Six of these Duple bodied AEC Reliances joined the fleet in 1961. Clearly distinguished by their integral sun visors, the body style gave the impression of speed. Here 217 (8217AD) is patiently awaiting departure to London. One of six Harrington bodied AEC Reliances delivered in 1964. These 41-seaters, of which 250 (AAD250B) is one, were used mainly on Cotswolds tours during the week and express duplication at weekends. A 1956 Willowbrook bodied AEC Reliance parked on loayover at Victoria Coach Station, London. This style of body with curvy embellishments was plentiful in the Black & White fleet. Here 197 (SDF197) is labelled ready for Gloucester.
 
 
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Fox Brothers, Wellington, Somerset - When WHOTT moved its archive to Coldharbour Mill in 2015 we described in WN60 our new surroundings of a working woollen mill. Fox Bros built the mill in Uffculme to supplement its Tonedale mill at Wellington and like most mills, they relied on water and later steam to drive the heavy machinery. The company employed many people throughout the Culm valley and young girls were put to work on the looms for up to twelve hours a day. The constant din and clatter of all that machinery was kept going by men who were mechanically skilled enough to keep the cogs of industry turning, and money pouring in. It seems that Fox Brothers were not only keen to have the latest mill machinery installed but were also ahead with mechanical road transport. Until the end of the 19th century their materials would have been brought to the mill by horse and cart and finished goods taken away by the same means. All this was about to change in 1898.
In Leyland, Lancs James Sumner had set up the Lancashire Steam Motor Company in 1884 and started building various types of steam vehicles or adapting others to run on steam, even a lawn mower. On 10th May 1897 a silver medal was won when they entered a steam van of under 2 tons at the Royal Agricultural Society Trials near Crewe, when none of the other entrants managed to start! In the winter of 1897/8 work took place on a larger vehicle capable of carrying 4 tons. It had an oil-fired boiler and condenser on the roof of the cab. The timber body had a hinged tail gate that could be lowered to form a ramp for loading. When finished it exceeded the tare weight of 3 tons set by the Locomotives on Highways Act of 1896, so was rebuilt of lighter components. It emerged later with an unladen weight of 2tons 18cwts, convincingly painted on the side, though judging by its heavy appearance one wonders if this was genuine, or simply near enough. In early1898 it was driven to Sutton Coldfield to take part in the RAS trials with other manufacturers and won first prize of £100. Shortly after, between 24th and 28th May, the same vehicle took part in the Liverpool Self-Propelled trials when it won the highest award of £100. A Silver Medal was won at trials in Blackburn though it is not sure if the same Leyland built vehicle was involved. Further trials took place in Paris in November 1898 when Leyland entered a steam van and a ‘lurry’, as they called it. This may have been the same vehicle or another that had been ordered by Liverpool Corporation. However, about this time the original lorry, now converted to run on coke, was sold to Fox Bros of Wellington and can probably be acknowledged as the very first Leyland lorry sold, certainly outside Lancashire. These vehicles weren’t called Leyland at the time, the town of their birth not being adopted until 1908.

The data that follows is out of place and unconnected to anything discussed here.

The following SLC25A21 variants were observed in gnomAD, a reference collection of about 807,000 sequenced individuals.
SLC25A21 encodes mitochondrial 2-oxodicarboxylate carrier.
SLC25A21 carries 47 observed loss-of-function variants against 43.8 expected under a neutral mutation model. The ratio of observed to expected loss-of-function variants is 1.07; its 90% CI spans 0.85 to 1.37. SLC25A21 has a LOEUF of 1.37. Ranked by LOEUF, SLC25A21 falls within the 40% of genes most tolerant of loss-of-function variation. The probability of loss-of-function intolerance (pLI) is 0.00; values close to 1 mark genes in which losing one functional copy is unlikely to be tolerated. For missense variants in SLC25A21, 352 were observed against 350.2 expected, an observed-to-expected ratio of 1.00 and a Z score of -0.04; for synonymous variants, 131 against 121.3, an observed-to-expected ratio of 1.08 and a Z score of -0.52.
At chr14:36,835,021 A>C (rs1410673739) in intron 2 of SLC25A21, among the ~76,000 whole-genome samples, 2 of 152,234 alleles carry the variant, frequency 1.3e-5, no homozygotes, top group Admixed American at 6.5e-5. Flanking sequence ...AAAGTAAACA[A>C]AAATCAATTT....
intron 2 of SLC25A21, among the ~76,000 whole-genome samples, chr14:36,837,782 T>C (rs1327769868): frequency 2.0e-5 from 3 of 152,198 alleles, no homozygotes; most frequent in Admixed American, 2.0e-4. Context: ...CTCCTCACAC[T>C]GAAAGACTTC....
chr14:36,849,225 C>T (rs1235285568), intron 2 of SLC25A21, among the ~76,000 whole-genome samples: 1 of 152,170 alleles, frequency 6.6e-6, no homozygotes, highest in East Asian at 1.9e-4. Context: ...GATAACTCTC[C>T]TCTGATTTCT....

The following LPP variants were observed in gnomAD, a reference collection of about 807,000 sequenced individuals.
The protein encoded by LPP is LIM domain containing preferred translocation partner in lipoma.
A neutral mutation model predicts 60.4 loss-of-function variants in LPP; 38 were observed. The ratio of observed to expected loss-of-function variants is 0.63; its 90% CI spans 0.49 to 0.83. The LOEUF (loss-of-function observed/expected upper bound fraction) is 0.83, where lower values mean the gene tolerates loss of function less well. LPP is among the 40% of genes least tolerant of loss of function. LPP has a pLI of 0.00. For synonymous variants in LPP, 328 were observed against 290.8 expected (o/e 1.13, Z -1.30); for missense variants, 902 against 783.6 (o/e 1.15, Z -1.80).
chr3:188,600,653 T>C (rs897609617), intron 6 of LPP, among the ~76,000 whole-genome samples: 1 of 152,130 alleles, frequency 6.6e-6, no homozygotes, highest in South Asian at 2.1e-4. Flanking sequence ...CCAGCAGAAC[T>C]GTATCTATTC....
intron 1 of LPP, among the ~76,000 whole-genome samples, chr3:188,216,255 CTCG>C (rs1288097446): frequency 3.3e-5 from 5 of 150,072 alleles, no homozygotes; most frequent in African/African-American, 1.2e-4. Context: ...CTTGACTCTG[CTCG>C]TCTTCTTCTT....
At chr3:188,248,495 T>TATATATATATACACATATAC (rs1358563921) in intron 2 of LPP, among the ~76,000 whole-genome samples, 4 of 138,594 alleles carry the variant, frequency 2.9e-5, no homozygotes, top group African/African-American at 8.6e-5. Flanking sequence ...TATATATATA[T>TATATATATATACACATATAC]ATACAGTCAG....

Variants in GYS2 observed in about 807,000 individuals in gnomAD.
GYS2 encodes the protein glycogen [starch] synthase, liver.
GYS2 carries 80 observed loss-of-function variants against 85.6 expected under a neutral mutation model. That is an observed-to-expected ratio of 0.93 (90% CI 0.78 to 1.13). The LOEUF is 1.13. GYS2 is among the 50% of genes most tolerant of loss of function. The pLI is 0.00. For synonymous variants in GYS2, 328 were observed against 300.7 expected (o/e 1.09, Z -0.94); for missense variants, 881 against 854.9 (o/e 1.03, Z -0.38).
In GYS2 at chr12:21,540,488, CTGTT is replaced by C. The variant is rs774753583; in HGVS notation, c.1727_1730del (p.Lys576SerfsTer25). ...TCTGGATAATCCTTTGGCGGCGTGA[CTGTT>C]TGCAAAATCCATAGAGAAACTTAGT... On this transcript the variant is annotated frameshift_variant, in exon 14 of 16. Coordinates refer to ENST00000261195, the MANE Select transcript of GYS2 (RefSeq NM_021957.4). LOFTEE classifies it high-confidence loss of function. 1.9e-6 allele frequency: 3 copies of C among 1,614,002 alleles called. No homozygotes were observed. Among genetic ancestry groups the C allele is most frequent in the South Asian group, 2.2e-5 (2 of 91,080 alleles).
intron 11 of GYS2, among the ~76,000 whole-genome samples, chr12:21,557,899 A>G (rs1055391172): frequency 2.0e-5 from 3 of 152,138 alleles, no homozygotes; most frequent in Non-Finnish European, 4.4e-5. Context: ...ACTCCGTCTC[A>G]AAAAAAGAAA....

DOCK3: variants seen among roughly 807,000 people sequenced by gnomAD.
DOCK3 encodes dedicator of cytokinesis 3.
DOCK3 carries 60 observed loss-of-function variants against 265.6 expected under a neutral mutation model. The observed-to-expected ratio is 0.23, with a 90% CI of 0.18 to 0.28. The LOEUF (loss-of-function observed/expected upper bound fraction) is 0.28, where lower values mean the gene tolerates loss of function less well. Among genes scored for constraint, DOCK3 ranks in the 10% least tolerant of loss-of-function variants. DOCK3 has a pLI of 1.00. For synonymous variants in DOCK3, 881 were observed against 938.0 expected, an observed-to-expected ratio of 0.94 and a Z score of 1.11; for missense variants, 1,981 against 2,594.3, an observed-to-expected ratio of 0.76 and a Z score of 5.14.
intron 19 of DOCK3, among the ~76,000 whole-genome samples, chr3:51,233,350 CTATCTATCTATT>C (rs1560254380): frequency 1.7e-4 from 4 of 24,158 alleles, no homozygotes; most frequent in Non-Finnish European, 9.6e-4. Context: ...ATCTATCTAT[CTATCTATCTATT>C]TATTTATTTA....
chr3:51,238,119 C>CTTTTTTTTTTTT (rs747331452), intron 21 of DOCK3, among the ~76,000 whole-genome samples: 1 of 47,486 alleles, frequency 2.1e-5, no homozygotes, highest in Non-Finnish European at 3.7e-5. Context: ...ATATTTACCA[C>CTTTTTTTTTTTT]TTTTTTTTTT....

WHOTT was unaware that they had walked into commercial transport history when taking up residence in Uffculme. We don’t know if the original lorry ever ventured that far from Wellington, but if it could make the journey from Leyland to Sutton Coldfield, then perhaps it did. Fox Bros sold it in October 1901 and replaced it with a Class B wagon from the same makers, which suggests that they were perfectly happy with the supplier. A photo of this, their second vehicle, shows it parked alongside two similar examples for the Ceylon Rapid Transit Company, perhaps an optimistic title in terms of speed.
In this view of three new Class B type wagons new in October 1901, the one for Fox Bros is seen far left. A Class B model that had seen five years service with the same customer. This Class H type long wheel base lorry was new to Fox Bros in July 1908. It was issued with a Lancashire registration number – B2146, and after delivery replaced the vehicle.

 
 
Plus:

West Country Bristol - ECW Intermins

Obituary- Philip Leslie John Platt

Future Activities

 
     
 

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Web News 64